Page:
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Digital Recording

Leveraging Neuroscience to Slow the Cycle of Childhood Trauma and Addiction

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Judith E Grisel, PhD
1 Hour 27 Minutes
Audio and Video
Oct 07, 2022
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Digital Recording
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Most chemicals that people use to medicate or enhance reality have both risks and benefits, at different times and for different people. Nonetheless, regular use of any mind-altering substance causes the exact opposite states to a drug’s original effects. Chronic stimulants result in lethargy, sedatives lead to anxiety and insomnia, and euphoriants guarantee misery.  This session will explain how the brain adapts to addictive drugs by creating the states of craving, tolerance, and dependence that characterize addiction. We’ll address the synergistic influences of genetic predispositions, childhood trauma, and drug use during development that make some people more vulnerable than others.


Planning Committee Disclosure - No relevant relationships

All members of the PESI, Inc. planning committee have provided disclosures of financial relationships with ineligible organizations and any relevant non-financial relationships prior to planning content for this activity. None of the committee members had relevant financial relationships with ineligible companies or other potentially biasing relationships to disclose to learners.  For speaker disclosures, please see the faculty biography.


This online program is worth 1.5 hours CPD.



Judith E Grisel, PhD's Profile

Judith E Grisel, PhD Related seminars and products

Judith Grisel, PhD, is a professor of Psychology and Neuroscience at Bucknell University. Her efforts in the classroom, laboratory, and public domain have positively impacted students, the field of behavioral neuroscience, and the broader community. As an active scholar, Judy has been recognized as an outstanding mentor by the Howard Hughes Medical Institute. With students and the support of the National Institutes of Health, she’s published dozens of scientific articles, primarily on the complex causes of drug abuse. Current studies focus on sex-dependent influences of stress on drug reinforcement, and the role of endogenous opioids in alcohol use disorders. A strong proponent of the liberal arts, she teaches a wide range of undergraduate courses, including introductory psychology and neuroscience, and a popular seminar in neuroethics. In 2019, Judy published a book on the neuroscience and experience of addiction that became a NY Times bestseller, which has since been translated for a worldwide audience. She regularly speaks on the relationship between the brain and behavior to parents, teachers, legislators, the judiciary, and clinicians; she’s shared her knowledge effectively from classrooms to the World Economic Forum in Davos. As a recovering addict, scientist, and practiced instructor, Judy is uniquely qualified to communicate knowledge about the neural causes and consequences of substance use disorders.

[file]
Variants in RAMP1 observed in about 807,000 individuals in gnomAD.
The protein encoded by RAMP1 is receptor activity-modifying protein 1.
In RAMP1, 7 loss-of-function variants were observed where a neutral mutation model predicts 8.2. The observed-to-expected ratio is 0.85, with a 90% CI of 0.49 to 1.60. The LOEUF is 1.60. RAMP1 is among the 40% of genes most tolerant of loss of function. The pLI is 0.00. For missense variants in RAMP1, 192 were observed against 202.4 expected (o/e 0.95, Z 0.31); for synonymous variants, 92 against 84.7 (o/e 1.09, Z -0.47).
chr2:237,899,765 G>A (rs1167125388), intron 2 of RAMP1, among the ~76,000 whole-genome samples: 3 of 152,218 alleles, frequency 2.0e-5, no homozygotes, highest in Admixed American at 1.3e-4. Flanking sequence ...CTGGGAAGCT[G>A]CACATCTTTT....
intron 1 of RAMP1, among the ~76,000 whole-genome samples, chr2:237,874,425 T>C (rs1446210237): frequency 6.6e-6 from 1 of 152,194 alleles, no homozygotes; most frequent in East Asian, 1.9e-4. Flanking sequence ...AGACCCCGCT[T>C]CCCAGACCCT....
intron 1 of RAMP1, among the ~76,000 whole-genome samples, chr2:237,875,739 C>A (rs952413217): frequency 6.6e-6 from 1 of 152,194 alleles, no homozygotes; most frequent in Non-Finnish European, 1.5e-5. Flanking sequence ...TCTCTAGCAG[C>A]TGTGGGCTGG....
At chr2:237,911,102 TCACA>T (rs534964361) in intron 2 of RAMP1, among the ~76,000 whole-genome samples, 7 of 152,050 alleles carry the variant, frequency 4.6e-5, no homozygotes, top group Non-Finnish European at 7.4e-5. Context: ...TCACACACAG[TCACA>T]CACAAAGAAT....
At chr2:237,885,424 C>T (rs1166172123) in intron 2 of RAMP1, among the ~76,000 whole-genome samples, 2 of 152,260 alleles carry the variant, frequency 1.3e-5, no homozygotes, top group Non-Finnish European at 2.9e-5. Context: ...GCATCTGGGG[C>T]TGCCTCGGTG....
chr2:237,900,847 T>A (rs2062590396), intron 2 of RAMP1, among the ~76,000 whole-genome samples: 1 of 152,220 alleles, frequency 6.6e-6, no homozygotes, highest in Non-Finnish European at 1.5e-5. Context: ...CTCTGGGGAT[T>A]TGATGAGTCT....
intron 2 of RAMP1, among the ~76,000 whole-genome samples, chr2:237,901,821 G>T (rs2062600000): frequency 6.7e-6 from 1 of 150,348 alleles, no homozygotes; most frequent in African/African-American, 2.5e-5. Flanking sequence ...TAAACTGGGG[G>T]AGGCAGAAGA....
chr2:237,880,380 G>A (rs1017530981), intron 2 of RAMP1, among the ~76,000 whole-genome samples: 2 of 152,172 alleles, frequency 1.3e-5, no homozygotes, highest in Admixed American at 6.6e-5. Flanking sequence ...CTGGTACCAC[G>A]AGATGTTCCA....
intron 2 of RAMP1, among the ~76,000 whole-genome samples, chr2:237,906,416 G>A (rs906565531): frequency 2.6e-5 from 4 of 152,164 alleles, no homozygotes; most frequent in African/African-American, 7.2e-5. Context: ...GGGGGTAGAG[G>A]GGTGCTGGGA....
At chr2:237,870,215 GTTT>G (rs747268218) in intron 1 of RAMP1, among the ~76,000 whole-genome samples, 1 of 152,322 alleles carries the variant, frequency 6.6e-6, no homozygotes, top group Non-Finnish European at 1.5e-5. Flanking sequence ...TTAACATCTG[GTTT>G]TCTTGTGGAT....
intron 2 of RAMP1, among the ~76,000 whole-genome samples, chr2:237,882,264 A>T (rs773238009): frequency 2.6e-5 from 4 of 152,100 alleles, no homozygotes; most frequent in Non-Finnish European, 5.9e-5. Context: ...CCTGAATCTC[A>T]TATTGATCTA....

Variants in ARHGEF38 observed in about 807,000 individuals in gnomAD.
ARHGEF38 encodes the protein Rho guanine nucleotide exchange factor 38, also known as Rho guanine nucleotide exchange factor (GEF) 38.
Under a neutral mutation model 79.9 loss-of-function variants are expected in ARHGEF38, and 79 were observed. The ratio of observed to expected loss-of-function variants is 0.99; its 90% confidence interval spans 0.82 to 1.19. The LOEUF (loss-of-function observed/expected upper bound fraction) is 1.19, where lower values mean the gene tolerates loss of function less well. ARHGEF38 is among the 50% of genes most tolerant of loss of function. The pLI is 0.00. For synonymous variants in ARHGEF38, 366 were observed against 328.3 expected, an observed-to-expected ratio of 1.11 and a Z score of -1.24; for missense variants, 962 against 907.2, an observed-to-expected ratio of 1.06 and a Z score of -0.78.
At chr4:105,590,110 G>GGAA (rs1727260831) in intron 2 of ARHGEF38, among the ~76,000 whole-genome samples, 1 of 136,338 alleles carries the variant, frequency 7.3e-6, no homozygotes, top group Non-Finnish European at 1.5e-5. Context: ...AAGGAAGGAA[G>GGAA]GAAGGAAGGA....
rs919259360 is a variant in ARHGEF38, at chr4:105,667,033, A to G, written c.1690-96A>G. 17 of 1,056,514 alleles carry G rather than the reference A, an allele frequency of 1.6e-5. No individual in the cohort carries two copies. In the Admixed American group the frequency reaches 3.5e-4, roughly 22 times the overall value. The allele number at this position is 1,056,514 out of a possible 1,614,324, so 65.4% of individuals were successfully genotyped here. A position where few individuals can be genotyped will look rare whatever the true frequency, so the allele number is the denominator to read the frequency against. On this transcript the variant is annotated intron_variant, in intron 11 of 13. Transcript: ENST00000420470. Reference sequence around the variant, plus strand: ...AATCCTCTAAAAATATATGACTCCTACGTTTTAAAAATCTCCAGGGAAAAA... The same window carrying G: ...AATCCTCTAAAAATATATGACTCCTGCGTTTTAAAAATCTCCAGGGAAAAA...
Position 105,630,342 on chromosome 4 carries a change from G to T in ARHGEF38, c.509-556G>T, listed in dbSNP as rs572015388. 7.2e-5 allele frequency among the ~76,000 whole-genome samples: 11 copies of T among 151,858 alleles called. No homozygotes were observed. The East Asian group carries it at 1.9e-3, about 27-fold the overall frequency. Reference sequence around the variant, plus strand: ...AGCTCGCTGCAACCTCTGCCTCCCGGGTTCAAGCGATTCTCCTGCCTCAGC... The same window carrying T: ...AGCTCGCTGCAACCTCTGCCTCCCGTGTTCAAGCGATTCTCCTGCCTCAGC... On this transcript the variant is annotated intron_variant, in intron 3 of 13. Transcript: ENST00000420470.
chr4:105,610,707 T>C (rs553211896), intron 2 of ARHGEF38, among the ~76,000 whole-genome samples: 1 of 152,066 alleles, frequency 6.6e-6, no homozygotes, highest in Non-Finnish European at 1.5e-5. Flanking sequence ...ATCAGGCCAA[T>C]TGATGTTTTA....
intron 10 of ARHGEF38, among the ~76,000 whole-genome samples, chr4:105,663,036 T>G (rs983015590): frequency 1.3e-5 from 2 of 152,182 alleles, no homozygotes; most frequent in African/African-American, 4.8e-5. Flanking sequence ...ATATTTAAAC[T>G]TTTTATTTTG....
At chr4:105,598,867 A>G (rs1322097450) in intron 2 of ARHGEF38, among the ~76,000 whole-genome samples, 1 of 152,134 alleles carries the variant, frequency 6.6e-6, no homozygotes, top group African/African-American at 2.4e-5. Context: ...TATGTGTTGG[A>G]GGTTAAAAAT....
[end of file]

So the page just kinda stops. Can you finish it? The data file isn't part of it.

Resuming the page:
Speaker Disclosures:
Financial: Judith Grisel has employment relationships with Furman University and Bucknell University. She receives royalties as a published author. Judith Grisel receives a speaking honorarium and recording royalties from PESI, Inc. She has no relevant financial relationships with ineligible organizations.
Non-financial: Judith Grisel is a member of the International Behavioral and Neural Genetics Society, the American Association for the Advancement of Science, the Association for Women in Science, the International Society for Brain Research on Alcoholism, and the International Neuroethics Society. She is an ad hoc reviewer for several publications, for a complete list contact PESI, Inc.


  1. Analyze how genetic vulnerabilities, socio-cultural influences, and developmental changes impact the brain to give rise to substance use disorders.
  2. Construct a model demonstrating how the brain adapts to regular drug use by creating an "opponent process" to maintain homeostasis, leading to the hallmarks of addiction: tolerance, dependence and craving.
  3. Theorize how addictive drugs exploit and undermine brain circuits that benefit healthy development.


  • What we know about genetic vulnerabilities and socio-cultural influences on the brain that give rise to substance use disorders
  • The impact of traumatic stress during development
  • How the brain adapts to drug use
  • The opponent process and how it leads to the hallmarks of addiction: tolerance, dependence and craving

Target Audience

  • Addiction Counselors
  • Counselors
  • Marriage & Family Therapists
  • Physicians
  • Psychologists
  • Social Workers
  • Other Mental Health Professions


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